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Lindsay Donaghe
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This could be extremely disruptive. If it could've smaller than a battery there are so many implications for its use beyond charging your cell phone.

Think about lighting anywhere reachable by wifi. No more electrical wiring in your house for light bulb sockets. Just attach a fixture or put a lamp base where you want it and use wifi powered and controlled LED lights.

It could free up so many small things to be designed to not need plugging in or bulky batteries: wall clocks, wireless mice and trackpads, remote controls, sonic toothbrushes, toys, and many other modern conveniences.

If small and light enough, this could also make wearable tech actually feasible: earrings and other jewelry that doubles as speakers and microphones, clothing with lighting or other dynamic decoration, and possibly even contacts that give you AR displays.

It could be used in series to power sections of e-paper for signs, display boards and wall paper. There would be no more need for a stand alone TV or monitor.

If used for powering individual components, this could feasibly affect robotics as well: what if each gear were independently powered and so there was no need for tethered power or heavy battery packs to enable large robots to move?

This is very exciting tech! I hope it is not vaporware, but even if this particular implementation is, it seems like the most likely future for small power needs.

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I want to take this course!

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This was in my stream on a post not at all related to gaming, but it cracked me up since my main class is BRD. Thought I might not be the only one to chuckle.

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Had lunch at Matt's at the Market today with my mom. It had a great view of the classic sign and people bustling.
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What?? I haven't gotten over Colbert yet! Now this...

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I think Bill recognizes the problem, but not the appropriate solution. We (collectively, but especially our representative government) need to start planning for this upcoming crisis soon. The wealth gap is already too big. What happens when suddenly the "working poor" no longer even have jobs to attempt to live off of? This reality is coming fast....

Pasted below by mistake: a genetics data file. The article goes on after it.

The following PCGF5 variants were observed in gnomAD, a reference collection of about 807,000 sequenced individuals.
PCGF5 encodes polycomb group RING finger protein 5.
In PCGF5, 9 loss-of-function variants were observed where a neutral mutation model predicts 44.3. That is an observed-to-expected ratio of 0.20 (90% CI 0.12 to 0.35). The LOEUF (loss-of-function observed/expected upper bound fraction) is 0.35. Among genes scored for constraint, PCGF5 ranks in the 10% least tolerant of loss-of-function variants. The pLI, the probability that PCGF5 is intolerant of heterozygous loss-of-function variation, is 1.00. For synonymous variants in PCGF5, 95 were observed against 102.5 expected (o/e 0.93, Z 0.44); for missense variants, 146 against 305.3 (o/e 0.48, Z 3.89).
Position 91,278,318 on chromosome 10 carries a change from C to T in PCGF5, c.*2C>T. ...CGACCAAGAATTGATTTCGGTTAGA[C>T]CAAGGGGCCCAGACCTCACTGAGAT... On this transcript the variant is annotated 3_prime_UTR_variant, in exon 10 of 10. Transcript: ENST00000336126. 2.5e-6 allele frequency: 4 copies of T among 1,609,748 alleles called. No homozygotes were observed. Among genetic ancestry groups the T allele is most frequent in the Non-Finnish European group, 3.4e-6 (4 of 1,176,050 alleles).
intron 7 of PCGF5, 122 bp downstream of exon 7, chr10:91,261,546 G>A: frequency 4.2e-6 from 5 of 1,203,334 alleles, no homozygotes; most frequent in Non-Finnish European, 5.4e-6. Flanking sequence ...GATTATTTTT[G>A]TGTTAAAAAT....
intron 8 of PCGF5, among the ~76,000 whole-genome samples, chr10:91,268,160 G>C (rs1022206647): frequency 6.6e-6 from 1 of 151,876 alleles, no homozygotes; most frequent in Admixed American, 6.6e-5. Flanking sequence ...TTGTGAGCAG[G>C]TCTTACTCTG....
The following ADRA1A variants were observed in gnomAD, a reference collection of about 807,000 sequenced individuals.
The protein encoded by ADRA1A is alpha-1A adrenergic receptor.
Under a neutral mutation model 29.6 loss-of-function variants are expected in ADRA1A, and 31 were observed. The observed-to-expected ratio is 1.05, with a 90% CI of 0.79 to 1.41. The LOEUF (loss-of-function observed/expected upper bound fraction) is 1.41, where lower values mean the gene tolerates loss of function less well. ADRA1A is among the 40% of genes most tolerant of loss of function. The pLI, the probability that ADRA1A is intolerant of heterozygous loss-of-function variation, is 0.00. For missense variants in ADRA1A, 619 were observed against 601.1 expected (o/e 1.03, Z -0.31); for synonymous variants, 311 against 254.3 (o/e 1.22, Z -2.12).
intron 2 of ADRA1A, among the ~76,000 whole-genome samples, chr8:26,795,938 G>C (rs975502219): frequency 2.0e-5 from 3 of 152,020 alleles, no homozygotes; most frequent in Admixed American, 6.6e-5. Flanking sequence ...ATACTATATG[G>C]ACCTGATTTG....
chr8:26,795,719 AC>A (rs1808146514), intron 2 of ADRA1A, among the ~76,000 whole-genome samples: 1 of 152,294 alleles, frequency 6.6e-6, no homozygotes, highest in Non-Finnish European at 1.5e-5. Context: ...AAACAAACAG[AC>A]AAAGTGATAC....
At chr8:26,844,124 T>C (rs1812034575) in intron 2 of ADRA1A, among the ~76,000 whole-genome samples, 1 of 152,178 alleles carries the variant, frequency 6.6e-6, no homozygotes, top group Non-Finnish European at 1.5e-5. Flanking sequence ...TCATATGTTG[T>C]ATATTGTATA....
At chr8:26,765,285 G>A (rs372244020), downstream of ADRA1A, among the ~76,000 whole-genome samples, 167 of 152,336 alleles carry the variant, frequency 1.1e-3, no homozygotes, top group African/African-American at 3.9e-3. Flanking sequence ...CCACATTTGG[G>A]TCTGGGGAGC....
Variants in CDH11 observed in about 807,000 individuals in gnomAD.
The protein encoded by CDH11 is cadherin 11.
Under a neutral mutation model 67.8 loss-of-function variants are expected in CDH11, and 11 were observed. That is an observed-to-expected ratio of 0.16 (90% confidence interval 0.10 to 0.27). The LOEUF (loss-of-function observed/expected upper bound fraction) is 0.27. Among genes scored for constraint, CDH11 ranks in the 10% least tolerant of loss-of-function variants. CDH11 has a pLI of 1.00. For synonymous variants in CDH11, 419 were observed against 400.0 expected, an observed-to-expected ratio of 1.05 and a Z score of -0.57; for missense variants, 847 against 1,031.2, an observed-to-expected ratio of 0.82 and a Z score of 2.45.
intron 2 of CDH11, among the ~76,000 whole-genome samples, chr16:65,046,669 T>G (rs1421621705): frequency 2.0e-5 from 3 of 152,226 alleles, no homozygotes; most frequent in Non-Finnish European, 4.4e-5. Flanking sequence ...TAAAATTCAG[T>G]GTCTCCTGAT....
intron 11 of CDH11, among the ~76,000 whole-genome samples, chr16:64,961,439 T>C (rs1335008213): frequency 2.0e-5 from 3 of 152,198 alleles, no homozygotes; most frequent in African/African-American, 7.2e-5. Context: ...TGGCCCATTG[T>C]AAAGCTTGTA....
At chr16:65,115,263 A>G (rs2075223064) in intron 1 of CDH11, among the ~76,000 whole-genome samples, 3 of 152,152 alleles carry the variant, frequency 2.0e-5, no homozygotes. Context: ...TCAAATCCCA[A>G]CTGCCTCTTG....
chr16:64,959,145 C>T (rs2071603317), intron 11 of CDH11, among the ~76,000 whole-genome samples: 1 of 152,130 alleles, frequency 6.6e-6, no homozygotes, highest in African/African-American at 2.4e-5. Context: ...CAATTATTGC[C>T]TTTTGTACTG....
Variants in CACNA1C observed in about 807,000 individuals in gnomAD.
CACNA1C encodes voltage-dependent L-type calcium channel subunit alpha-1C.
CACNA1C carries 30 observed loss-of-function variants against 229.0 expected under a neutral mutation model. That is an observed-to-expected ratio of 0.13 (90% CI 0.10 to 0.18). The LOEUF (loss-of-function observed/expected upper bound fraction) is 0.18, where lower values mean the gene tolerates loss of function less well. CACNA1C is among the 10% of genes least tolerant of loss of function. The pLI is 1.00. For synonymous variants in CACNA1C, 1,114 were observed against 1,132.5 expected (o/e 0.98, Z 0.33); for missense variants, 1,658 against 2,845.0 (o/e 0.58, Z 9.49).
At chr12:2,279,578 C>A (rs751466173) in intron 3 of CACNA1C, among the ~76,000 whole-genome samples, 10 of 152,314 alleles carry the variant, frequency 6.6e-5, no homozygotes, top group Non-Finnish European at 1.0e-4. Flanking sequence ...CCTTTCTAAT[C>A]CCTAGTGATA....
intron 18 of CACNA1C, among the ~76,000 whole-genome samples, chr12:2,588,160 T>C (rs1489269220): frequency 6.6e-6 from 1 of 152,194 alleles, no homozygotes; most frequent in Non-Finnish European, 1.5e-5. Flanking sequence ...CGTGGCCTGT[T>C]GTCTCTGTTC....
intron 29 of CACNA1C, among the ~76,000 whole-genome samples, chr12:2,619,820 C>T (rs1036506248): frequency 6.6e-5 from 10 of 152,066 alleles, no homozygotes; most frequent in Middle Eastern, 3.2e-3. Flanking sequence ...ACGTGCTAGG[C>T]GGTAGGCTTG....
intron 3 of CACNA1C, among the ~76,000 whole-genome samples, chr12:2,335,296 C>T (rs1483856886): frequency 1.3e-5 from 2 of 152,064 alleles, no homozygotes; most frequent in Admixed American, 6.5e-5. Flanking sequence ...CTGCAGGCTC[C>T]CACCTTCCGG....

The 1% also needs to realize that it is in their best interests to be compassionate to those less fortunate and start financially supporting them (by paying more taxes to prevent the collapse of society). They may disparage us all as leeches, but if they don't assist, they will be creating a problem for themselves in securing their assets. They are effectively becoming the French monarchy right before the Revolution. 

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This was a good read. I was prepared to disagree, but the distinctions made between shame, guilt and humiliation won me over. Shame is definitely a tool we need to wield to fix this social problem.

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This had the best political counter-argument I have heard yet:

[[Remember before the midterm elections when Obama was blamed for Ebola — which did not infect people within our borders — and Republicans demanded he ‘close the borders’? Then they won the midterm elections and forgot all about the Ebola patients which have not been infected in this country.

And now there’s an outbreak of measles and they’re opposing vaccinations. The majority of people who have measles have not been vaccinated.

It’s highly contagious. See: Disney.]]

Vaccinate your kids!

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#QuestionsForMen: would you feel comfortable having a group of only women deciding about what kind of healthcare you could receive to maintain your reproductive organs and general health as a man?

[[California Republican Darrell Issa chaired the panel, and because Republicans hold a majority in the House, he was able to choreograph the entire proceedings. He thoughtfully assembled a diverse group of men who don't necessarily have any real, fact-based reason to oppose birth control except for the fact that it made them feel icky. Invited to testify were five men. And no women. The whole thing was, to put it as succinctly as possible, depressing as f*ck.]]
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